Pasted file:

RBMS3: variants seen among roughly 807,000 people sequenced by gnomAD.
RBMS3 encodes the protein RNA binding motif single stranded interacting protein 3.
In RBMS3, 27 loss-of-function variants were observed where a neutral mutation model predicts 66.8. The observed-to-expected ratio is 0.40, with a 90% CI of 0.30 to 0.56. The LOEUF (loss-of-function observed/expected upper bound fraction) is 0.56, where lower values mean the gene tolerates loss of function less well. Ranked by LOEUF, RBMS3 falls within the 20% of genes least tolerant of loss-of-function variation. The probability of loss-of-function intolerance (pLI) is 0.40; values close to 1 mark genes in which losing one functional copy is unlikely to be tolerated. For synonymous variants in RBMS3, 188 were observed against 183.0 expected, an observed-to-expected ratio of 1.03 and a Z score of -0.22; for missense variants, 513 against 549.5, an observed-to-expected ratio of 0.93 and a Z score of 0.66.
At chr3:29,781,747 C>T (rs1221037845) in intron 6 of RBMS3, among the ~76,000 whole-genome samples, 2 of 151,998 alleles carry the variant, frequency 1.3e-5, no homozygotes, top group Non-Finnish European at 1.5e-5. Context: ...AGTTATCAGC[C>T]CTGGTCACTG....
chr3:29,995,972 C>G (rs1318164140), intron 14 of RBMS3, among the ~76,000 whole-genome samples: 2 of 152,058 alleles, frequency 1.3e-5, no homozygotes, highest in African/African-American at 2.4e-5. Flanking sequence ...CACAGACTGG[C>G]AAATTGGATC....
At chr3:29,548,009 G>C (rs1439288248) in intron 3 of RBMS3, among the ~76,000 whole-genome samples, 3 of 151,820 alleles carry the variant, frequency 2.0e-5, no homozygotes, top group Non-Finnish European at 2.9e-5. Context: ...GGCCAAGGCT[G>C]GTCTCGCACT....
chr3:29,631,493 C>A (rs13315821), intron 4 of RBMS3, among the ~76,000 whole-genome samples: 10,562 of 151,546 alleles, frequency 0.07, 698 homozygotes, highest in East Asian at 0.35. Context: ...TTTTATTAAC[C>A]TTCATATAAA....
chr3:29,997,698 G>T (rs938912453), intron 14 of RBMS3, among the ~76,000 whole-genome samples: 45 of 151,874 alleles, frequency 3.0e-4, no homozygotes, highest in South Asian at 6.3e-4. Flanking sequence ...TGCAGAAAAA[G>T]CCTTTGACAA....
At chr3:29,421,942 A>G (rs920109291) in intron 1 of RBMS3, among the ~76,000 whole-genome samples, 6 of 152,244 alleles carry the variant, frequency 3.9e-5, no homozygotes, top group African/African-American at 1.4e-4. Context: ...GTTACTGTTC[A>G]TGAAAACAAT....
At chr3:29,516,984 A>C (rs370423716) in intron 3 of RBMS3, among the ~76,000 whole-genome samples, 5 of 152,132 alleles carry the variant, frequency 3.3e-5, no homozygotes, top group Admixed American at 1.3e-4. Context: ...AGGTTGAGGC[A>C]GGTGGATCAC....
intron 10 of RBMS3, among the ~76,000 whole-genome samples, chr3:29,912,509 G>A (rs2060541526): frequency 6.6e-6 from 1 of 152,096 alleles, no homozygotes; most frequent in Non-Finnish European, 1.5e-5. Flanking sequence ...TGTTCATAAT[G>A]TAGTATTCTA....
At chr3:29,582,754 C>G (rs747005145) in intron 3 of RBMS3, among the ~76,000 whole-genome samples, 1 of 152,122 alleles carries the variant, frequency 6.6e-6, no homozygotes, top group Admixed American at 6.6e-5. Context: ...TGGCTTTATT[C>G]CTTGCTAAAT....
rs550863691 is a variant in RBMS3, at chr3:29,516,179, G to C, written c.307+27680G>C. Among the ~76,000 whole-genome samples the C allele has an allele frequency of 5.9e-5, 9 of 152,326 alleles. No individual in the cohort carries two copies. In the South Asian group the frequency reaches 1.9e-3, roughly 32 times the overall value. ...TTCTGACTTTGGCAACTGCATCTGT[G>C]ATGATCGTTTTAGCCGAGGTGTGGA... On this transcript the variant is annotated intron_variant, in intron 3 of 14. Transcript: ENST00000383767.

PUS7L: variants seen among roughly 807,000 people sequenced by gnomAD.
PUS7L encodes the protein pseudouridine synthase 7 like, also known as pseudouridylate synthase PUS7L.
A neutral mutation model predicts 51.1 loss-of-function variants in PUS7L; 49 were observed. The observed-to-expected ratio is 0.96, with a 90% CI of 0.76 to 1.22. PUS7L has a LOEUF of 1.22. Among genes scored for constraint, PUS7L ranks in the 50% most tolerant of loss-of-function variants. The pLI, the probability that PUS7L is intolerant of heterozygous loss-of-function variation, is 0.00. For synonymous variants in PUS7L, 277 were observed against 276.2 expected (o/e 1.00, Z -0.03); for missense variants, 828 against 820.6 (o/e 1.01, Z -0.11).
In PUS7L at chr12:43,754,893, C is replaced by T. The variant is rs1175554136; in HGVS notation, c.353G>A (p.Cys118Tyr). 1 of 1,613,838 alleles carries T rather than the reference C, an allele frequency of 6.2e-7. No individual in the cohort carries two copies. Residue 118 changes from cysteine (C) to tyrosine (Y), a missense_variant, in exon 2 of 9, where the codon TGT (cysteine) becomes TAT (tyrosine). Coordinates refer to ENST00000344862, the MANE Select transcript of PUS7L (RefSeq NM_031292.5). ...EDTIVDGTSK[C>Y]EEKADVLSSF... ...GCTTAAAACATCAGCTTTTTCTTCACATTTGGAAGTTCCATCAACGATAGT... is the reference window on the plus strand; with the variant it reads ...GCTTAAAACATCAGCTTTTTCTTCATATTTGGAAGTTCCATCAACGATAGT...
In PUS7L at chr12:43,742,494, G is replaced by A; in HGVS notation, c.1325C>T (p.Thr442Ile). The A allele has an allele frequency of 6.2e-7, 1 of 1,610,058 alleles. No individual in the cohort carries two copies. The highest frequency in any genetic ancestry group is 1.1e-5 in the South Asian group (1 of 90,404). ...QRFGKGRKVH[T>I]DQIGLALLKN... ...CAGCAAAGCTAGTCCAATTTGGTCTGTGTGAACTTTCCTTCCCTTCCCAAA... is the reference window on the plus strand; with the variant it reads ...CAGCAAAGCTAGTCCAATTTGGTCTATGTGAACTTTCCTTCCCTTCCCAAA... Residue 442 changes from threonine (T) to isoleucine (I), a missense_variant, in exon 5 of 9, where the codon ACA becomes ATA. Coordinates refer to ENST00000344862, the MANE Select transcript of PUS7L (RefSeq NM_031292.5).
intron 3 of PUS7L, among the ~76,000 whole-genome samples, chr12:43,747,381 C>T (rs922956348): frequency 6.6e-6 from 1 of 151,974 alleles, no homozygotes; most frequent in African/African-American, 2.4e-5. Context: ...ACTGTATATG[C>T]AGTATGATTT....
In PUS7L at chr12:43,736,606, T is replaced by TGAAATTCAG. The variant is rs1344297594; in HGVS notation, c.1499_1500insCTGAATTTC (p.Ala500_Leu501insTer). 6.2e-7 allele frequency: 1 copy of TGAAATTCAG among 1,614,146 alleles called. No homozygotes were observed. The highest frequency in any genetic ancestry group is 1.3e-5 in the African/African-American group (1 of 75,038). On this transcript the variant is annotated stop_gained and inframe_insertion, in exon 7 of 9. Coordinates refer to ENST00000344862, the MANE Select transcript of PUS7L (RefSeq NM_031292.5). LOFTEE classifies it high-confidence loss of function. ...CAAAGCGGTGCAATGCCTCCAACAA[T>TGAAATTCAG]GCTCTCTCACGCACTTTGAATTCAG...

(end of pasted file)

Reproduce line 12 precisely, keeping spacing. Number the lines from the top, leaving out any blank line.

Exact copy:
At chr3:29,582,754 C>G (rs747005145) in intron 3 of RBMS3, among the ~76,000 whole-genome samples, 1 of 152,122 alleles carries the variant, frequency 6.6e-6, no homozygotes, top group Admixed American at 6.6e-5. Context: ...TGGCTTTATT[C>G]CTTGCTAAAT....